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When Researchers Lie

April 19, 2019

Written by Clay Smith

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Removal of the ARISTOTLE study (known to contain falsified data) from 22 subsequent meta-analyses led to a change in the conclusion of these meta-analyses nearly half the time. Research misconduct hurts people.

Why does this matter?
Meta-analyses are only as good as the studies they contain. Integrity and truth in research is a life and death matter, because clinicians put results of studies into practice. The FDA investigates the conduct of trials at times, and occasionally finds information that is quite concerning (you may want to click this link). However, this may or may not become public. The ARISTOTLE trial, using apixaban for treatment of a-fib, was published even though it was known that part of the dataset was falsified.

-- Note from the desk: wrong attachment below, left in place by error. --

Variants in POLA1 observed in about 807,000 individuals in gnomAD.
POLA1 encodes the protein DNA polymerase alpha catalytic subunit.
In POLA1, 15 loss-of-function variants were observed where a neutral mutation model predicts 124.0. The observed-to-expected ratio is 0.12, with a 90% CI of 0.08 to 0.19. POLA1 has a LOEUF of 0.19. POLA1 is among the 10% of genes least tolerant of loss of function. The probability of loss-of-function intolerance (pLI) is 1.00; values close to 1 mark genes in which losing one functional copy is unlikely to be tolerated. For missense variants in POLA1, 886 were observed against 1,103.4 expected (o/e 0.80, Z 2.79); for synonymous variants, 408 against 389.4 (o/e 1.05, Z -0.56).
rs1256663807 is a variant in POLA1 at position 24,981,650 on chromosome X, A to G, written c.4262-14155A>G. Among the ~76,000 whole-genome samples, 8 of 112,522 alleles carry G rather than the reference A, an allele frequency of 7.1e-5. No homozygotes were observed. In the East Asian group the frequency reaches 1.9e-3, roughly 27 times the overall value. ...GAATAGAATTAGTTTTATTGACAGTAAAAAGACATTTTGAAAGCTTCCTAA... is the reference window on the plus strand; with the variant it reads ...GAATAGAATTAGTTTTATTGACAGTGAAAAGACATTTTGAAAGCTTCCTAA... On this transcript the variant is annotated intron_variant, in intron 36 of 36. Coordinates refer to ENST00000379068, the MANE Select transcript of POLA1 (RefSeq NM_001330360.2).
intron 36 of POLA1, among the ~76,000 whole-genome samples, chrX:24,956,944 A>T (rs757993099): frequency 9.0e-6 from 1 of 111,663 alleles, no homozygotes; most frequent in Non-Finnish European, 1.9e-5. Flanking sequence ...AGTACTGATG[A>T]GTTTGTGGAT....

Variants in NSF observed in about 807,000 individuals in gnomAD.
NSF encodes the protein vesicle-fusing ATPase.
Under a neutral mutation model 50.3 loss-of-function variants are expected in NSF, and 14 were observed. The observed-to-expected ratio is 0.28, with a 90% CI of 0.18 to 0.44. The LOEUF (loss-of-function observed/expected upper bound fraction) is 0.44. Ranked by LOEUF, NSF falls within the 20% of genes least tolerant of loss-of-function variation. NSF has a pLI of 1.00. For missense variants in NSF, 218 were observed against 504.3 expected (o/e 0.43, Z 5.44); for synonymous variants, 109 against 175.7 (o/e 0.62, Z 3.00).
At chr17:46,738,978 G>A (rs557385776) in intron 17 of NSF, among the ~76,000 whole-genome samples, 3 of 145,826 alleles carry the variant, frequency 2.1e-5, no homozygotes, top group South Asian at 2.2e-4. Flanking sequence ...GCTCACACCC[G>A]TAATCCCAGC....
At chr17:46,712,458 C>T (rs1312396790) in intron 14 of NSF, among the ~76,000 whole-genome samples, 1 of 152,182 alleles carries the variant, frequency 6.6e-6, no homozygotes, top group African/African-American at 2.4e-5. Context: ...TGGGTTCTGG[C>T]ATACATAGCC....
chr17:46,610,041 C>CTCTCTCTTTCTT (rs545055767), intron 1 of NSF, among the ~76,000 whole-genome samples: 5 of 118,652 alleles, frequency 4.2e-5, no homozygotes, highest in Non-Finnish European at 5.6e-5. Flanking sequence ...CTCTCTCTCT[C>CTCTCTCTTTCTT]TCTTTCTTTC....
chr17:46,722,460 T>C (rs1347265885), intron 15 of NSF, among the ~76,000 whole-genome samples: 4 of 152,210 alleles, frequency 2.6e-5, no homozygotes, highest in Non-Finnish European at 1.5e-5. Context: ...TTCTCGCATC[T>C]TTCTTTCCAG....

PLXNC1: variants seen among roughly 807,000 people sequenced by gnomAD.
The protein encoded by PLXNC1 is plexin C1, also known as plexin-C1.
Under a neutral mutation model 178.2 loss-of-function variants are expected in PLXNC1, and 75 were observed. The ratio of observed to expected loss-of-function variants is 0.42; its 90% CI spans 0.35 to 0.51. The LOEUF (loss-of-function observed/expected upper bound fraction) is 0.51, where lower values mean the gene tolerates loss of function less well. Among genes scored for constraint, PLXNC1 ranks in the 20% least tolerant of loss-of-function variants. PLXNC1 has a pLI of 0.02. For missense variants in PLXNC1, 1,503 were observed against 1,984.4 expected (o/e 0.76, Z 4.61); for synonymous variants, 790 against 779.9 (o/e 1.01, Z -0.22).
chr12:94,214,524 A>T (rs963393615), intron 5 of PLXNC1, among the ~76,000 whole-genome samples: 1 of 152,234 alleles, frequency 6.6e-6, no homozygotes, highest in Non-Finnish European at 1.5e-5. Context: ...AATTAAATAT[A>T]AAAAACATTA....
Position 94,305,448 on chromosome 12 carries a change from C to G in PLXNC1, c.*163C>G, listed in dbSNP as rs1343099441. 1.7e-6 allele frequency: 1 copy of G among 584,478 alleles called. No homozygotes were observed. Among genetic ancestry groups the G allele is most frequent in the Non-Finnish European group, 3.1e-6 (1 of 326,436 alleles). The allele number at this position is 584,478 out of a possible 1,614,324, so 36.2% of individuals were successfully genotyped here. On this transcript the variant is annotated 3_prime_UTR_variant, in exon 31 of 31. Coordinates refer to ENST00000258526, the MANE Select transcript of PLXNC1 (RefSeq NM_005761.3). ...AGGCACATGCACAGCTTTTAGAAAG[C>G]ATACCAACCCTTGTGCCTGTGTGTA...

Lies, damned lies, and meta-analyses
The faulty ARISTOTLE trial, mentioned above, has been cited in 22 meta-analyses. Once the ARISTOTLE study, which has been shown to contain falsified data, was removed from these 22 meta-analyses, 10 of them (46%), “had conclusions altered by publications with falsified data, and 32% of all the analyses had a considerable change in the outcome.” Generally speaking, research is conducted ethically. But it’s bad news when it’s not. The original study may lead to an erroneous change in practice, and subsequent incorporation into meta-analyses may lead to a compounding of the negative impact. This is a call for integrity. When research misconduct happens, people get hurt.

Evaluation of the Inclusion of Studies Identified by the FDA as Having Falsified Data in the Results of Meta-analyses: The Example of the Apixaban Trials. JAMA Intern Med. 2019 Mar 4. doi: 10.1001/jamainternmed.2018.7661. [Epub ahead of print]

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Reviewed by Thomas Davis

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